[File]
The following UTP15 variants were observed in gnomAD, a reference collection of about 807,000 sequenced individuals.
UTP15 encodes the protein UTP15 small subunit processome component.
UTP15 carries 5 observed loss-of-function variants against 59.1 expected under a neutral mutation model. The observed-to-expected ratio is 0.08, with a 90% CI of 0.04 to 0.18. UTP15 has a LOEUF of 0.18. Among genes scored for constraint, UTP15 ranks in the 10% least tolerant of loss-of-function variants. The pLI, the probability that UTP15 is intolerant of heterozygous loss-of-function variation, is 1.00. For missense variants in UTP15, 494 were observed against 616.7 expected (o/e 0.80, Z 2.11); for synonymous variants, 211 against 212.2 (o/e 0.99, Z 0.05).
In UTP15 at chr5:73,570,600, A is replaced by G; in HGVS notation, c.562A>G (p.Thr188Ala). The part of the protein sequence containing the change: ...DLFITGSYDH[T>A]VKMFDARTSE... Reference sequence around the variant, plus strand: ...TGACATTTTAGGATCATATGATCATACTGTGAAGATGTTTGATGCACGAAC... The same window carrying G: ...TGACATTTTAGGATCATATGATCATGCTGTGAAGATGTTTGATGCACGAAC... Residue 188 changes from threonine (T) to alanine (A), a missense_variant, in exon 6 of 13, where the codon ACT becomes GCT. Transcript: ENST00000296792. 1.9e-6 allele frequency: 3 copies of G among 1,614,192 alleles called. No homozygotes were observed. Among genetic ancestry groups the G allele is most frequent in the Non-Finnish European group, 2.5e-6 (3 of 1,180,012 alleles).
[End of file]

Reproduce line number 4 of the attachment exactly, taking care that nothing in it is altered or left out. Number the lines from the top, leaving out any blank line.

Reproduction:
In UTP15 at chr5:73,570,600, A is replaced by G; in HGVS notation, c.562A>G (p.Thr188Ala). The part of the protein sequence containing the change: ...DLFITGSYDH[T>A]VKMFDARTSE... Reference sequence around the variant, plus strand: ...TGACATTTTAGGATCATATGATCATACTGTGAAGATGTTTGATGCACGAAC... The same window carrying G: ...TGACATTTTAGGATCATATGATCATGCTGTGAAGATGTTTGATGCACGAAC... Residue 188 changes from threonine (T) to alanine (A), a missense_variant, in exon 6 of 13, where the codon ACT becomes GCT. Transcript: ENST00000296792. 1.9e-6 allele frequency: 3 copies of G among 1,614,192 alleles called. No homozygotes were observed. Among genetic ancestry groups the G allele is most frequent in the Non-Finnish European group, 2.5e-6 (3 of 1,180,012 alleles).